Synopsis (from goodreads):
A rare meteorite struck Alex Woods when he was ten years old, leaving scars and marking him for an extraordinary future. The son of a fortune teller, bookish, and an easy target for bullies, Alex hasn’t had the easiest childhood.
But when he meets curmudgeonly widower Mr. Peterson, he finds an unlikely friend. Someone who teaches him that that you only get one shot at life. That you have to make it count.
So when, aged seventeen, Alex is stopped at customs with 113 grams of marijuana, an urn full of ashes on the front seat, and an entire nation in uproar, he’s fairly sure he’s done the right thing …
Introducing a bright young voice destined to charm the world, The Universe Versus Alex Woods is a celebration of curious incidents, astronomy and astrology, the works of Kurt Vonnegut and the unexpected connections that form our world.
The synopsis I read about this book on goodreads (the one provided above) gave me no indication what this book was about, I only bought it because it was on sale on Chapters. ca (I believe) and I needed like $8 more to get free shipping. I stuck it in my cart and decided if I didn’t like it then someone was going to get it for Christmas. I definitely didn’t know what to expect when I received this book. I am so glad I did end up getting the book though- it was so cute, had some good laughs, and it even had a bit of heartbreak. This was a very interesting story, and although it had a bit of romance, it wasn’t one of those sickeningly sweet romances that shoves it in your face… it was very much an every day kind of romance you get in elementary and high school.
The way the story was written is that you start at the end and then go back to the beginning and work your way back to the end. You get to understand Alex and why he does what he does. I found myself thinking about Sheldon from Big Bang Theory a lot when I was reading this book. Their circumstances are completely different, but I feel like Sheldon would act very much the same way as Alex… except for the ending.
As I mentioned there were several laughs throughout the book. Gavin Extence has some hilarious lines throughout the book, such as “My mother often said mysterious things, and usually there wasn’t much point in asking for an explanation, which would in turn need explaining” (p. 41) and “Rest assured: by the time I was ten, I had managed to find out what my mother meant. She meant that as far as our family was concerned, only the cat had a sex life” (p. 46). Although there are a number of humorous scenes scattered throughout the book, there are also some heartbreaking sections. One statement that made me upset was “Most of the time I was just Woods, and wished for nothing more than to be as plain as my surname- widespread, forgettable, ordinary” (p. 92). I’m sure Extence didn’t mean for this to be such a sad statement, but it made me feel really sorry for Alex. He wants nothing more than to be forgettable. No one should ever feel like they want to be forgettable…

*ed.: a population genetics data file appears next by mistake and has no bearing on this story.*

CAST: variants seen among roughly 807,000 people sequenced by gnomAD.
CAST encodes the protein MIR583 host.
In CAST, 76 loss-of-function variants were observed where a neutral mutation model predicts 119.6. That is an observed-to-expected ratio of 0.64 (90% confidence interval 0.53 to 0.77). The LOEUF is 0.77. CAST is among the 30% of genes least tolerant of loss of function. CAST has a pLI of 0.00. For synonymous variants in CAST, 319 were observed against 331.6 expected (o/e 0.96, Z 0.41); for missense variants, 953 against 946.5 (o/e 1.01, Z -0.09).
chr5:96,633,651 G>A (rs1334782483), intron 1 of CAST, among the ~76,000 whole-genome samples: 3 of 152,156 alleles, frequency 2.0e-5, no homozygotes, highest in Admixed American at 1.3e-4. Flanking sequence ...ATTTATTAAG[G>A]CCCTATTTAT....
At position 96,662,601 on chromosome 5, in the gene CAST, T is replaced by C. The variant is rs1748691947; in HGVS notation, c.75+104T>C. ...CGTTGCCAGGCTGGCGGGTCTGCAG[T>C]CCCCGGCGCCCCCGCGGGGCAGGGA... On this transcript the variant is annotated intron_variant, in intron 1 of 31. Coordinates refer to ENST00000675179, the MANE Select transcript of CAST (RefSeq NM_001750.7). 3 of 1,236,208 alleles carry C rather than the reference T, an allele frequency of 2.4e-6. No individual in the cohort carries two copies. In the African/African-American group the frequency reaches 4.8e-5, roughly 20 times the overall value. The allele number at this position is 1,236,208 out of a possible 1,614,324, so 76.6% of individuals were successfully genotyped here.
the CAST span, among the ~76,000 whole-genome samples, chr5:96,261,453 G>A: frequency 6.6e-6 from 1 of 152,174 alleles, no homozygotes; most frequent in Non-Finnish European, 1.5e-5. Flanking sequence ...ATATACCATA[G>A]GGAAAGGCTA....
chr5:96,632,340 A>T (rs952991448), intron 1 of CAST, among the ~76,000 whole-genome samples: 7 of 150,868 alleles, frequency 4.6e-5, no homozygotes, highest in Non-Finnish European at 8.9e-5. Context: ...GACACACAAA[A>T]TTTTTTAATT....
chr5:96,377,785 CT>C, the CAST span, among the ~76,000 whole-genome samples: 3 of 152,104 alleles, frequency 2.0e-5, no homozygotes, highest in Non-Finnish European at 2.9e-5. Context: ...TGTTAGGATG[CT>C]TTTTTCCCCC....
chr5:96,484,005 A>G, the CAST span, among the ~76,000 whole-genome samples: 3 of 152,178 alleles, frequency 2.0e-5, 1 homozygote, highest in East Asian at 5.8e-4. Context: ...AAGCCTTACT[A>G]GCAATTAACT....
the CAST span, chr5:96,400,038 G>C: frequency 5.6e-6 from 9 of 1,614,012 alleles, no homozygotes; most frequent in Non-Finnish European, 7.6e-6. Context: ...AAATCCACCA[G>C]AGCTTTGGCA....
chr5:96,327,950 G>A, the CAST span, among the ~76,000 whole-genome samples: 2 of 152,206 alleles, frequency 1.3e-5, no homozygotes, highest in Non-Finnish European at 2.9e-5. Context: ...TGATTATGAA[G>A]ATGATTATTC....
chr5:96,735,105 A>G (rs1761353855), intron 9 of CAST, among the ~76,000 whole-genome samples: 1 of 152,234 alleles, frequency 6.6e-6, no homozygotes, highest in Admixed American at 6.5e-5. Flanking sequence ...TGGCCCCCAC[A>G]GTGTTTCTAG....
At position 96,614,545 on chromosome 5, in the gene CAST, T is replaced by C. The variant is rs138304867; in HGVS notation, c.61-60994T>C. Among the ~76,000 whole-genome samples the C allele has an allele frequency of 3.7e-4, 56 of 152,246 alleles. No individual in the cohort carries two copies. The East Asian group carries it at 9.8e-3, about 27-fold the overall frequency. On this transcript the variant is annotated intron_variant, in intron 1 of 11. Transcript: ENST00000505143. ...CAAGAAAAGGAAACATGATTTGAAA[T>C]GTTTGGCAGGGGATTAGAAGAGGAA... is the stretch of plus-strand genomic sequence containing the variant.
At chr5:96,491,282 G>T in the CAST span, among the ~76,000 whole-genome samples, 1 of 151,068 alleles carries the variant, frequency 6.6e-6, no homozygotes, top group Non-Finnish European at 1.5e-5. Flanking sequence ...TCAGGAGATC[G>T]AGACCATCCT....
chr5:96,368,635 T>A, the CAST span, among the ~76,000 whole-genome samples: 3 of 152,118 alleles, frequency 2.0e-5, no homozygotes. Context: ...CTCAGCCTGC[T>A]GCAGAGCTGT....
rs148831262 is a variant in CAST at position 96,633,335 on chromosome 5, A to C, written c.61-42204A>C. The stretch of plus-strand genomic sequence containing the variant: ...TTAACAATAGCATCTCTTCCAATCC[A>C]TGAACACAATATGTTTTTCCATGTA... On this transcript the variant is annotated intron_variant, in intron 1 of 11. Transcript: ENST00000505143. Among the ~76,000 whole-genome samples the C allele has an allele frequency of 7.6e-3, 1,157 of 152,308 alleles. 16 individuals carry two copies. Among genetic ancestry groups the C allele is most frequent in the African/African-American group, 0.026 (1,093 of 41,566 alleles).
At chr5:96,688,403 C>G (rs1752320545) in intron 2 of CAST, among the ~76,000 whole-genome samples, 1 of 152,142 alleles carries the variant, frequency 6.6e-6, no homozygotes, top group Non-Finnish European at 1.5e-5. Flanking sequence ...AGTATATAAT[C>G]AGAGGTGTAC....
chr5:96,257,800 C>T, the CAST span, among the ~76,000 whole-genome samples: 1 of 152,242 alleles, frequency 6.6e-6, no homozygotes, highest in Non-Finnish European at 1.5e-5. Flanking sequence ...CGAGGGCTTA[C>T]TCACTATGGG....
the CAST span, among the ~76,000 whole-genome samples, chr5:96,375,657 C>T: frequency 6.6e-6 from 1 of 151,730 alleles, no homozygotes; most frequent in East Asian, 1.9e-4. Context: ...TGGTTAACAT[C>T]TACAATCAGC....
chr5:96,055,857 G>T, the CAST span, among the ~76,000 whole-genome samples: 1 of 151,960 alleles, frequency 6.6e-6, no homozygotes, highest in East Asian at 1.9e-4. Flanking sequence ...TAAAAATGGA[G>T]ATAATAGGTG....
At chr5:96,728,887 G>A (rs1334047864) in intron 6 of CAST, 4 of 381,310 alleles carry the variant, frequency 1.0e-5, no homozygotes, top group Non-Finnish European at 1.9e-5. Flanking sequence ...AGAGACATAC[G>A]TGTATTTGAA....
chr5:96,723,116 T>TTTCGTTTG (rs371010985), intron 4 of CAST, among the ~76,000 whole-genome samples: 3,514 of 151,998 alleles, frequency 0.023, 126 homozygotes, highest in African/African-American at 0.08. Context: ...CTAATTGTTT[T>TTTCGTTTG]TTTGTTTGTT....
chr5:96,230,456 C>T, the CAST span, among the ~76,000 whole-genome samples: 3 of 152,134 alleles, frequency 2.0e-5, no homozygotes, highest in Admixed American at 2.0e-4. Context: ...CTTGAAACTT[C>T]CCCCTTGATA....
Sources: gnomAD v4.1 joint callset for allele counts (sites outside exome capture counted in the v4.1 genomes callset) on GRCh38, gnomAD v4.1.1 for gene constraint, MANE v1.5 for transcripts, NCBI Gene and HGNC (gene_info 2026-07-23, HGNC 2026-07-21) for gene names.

Alex is very smart, but not in the standard way we measure smart. He clearly has some problems at school, mainly because of his accident, but there are other indications of his smarts. One such example is when he learns about Newton’s Laws of Motion in school but nothing more. Alex took it upon himself to research more about Newton and found some very interesting information about him. He also doesn’t fit in well at school because according to him, he commits the “crime of being offensively different” (p. 82). I think that those of us who also committed crimes of being offensively different can relate a lot to Alex. I found myself relating to him a lot. When I was in school I loved classes and really hated gym and recess. I wasn’t bullied until grade 8 when some boys started to pick on me (this may have been because they liked me and didn’t know how else to express it- which I didn’t find out until much later).
I really can’t say enough about this book. It is just awesome in its writing, its humour, and its sad sections. It is definitely a must read!!!! One of my favourite books in 2013.
“Sometimes when people ask you for a full explanation, you know damn well that’s that last thing they want. Really, they want you to give them a paragraph that confirms what they already think they know. They want something that will fit neatly in a box on a police statement form. And that can never be a full explanation. Full explanations are much messier. They can’t be conveyed in five unprepared, stop-start minutes. You have to give them time and space to unfold” (p. 15).
“There are two ideas I want to think about at this point: (1) In life, there are no true beginnings or endings… and (2) The universe is at once very orderly and very disorderly” (p. 93).